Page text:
© F.T. McKinstry 2017. All Rights Reserved.

The Om Tree

The Om Tree, by F.T. McKinstry

Trees know things. A tree planted by a god at the dawn of a forest and raised in close proximity to an energy well beneath a wizards’ citadel knows a great many things. In this short story, a wizard-assassin loses what is most dear to him and thereby learns the true nature of his art.

Excerpt

In the beginning stood a tree.

I always start my tales with that; it is fitting, as I have stood here for so long. I have spread my roots on many worlds, being seeded by an undying star named Om. He has a child named Ealiron, the creator of this world on which I now grow. He knows I am here, of course. When I took root as a sapling, he sang to me. A charming fellow, really.

But my tale begins with a mortal. He calls himself a wizard, but he is not like any wizard I know. His name is Lorth, which in Om’s tongue roughly means “water-loving root.” A nice name for a most unsavory man. I call him the hunter.

Little Tree, by F.T. McKinstry

“The Om Tree” originally appeared in Tales of the Talisman, Volume 7, Issue 3.

“The Om Tree” is included in Wizards, Woods and Gods, a collection of twelve dark fantasy tales exploring the mysteries of the Otherworld through tree and animal lore, magic, cosmos, love, war and mysticism.

The protagonist of “The Om Tree,” Lorth of Ostarin, is also the main character in The Hunter’s Rede, Book One in the Chronicles of Ealiron. An Om tree appears in the novel as well; it stands in the wizards’ citadel itself.

© F.T. McKinstry 2016. All Rights Reserved.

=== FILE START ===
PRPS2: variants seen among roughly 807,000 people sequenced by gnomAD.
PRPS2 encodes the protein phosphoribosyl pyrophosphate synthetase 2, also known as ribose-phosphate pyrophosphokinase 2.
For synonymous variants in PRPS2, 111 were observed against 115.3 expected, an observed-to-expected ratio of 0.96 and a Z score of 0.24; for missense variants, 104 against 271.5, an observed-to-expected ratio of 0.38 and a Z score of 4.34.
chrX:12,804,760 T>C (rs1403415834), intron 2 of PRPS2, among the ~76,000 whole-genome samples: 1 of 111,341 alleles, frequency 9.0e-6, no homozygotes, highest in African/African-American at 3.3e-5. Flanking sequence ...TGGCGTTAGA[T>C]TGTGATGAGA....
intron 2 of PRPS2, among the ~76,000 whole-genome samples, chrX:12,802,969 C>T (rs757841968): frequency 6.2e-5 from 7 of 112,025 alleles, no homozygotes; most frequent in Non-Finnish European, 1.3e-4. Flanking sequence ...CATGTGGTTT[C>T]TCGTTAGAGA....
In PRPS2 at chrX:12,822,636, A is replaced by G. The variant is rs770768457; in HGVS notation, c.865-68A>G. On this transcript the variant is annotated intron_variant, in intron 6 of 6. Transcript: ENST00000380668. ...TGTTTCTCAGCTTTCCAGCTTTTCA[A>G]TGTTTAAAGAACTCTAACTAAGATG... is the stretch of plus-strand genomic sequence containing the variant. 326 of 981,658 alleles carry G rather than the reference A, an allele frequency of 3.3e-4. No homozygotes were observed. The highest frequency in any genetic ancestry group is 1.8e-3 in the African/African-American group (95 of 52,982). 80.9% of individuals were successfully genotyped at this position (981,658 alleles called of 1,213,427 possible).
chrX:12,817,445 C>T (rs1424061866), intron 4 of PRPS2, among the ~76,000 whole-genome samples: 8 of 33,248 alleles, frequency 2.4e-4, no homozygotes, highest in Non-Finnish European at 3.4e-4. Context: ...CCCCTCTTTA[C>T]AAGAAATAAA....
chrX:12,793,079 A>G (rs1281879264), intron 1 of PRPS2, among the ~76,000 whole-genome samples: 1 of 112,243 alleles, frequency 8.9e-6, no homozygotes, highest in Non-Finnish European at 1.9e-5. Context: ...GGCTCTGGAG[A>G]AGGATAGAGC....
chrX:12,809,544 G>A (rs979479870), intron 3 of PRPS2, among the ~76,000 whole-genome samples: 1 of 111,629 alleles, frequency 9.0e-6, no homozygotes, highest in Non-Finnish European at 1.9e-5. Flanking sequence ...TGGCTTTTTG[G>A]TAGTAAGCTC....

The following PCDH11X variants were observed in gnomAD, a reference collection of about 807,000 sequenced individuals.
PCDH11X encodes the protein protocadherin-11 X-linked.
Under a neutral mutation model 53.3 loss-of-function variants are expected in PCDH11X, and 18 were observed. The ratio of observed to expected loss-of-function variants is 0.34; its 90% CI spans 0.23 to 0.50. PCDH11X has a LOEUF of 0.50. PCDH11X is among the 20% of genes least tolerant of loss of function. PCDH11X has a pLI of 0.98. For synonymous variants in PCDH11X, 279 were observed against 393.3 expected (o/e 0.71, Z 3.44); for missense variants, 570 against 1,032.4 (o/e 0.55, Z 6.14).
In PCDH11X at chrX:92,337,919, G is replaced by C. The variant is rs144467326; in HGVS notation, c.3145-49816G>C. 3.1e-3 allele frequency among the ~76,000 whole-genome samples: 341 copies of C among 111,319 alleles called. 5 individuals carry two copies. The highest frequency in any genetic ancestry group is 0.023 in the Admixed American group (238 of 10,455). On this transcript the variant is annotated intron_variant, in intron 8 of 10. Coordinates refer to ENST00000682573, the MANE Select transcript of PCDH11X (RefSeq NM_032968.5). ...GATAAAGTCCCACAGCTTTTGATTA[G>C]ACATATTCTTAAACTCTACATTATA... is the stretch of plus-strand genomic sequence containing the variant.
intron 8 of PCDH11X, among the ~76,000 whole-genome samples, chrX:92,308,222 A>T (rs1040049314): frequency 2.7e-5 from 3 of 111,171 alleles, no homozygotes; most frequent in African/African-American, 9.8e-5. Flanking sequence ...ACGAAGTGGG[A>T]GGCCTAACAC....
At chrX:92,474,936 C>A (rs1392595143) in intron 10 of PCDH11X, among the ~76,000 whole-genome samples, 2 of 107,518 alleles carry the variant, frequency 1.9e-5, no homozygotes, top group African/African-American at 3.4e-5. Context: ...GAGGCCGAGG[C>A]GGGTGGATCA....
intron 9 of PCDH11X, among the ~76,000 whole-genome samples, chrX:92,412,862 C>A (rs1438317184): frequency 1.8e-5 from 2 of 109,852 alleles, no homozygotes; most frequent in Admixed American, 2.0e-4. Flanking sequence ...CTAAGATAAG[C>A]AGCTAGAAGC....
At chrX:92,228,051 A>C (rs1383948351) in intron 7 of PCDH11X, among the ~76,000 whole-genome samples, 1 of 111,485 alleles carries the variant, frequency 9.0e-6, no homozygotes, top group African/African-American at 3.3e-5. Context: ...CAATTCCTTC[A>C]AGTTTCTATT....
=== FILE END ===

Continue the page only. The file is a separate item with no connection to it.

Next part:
Gods and Cats

Love is whole. Love cannot be divided from itself. Love knows all paths, where even gods and cats are blind. – From The Old One’s Domain

The greater a wizard’s power, the bigger his problems—and the higher the price he pays for not attending to them.

Order of Raven, by F.T. McKinstry

Standard for the Order of Raven

Urien of Eyeroth belongs to the highest order of the Keepers of the Eye, a hierarchical order of wizards who maintain balance in the world of Ealiron. He has the ability to shapeshift into flora, fauna, earth, or fog. He can cast an apparition or merge with the minds of gods. He knows the Dark Tongue, a primeval language spoken by the votaries of the Old One.

He also has a broken heart. And it has driven him to make some lousy decisions.

Excerpt

Raven at Night, by F.T. McKinstryUrien of Eyeroth, a Master of the Eye of the Order of Raven, hurried along the winding forest path beneath a sky shrouded in midnight. Restless wind stirred the trees, and the air smelled of rain and moldering leaves. The light from his torch painted the barren forest in shades of his own reflection, black-haired, gray-eyed and pale for want of a touch. He pulled his cloak close, unable to determine which made him more uncomfortable: the dreary woods or the new moon settling onto his heart like a cloud of moths.

Earlier, he had been ensconced in a comfortable chamber high in the citadel of Eyrie, home of the Keepers of the Eye, reading a text on the principles of structure and formlessness. He had not wanted to leave when the sun descended into the mists, and dusk cloaked the land in damp, unpleasant cold. But he had agreed, under the hollow gaze of the high priestess Wilima, to look into the Void.

He had to ignore his unease that something bad would happen if he did not.

Water Dark, a tale of desire and deception told on a fairy-tale landscape of arcane texts, herbal lore, visions and disasters at the hands of the powerful.
 
© F.T. McKinstry 2013. All Rights Reserved.

Songs of Soft Petals

See me, see you
The mirror is dark and full of light
Show me the landscape
Tell me of moons and water
My love in motion

Little Tree, by F.T. McKinstry

From Water Dark, a tale of desire and deception told on a fairy tale landscape of herbal lore, arcane texts, visions, and disasters at the hands of the powerful.

 
© F.T. McKinstry 2013. All Rights Reserved.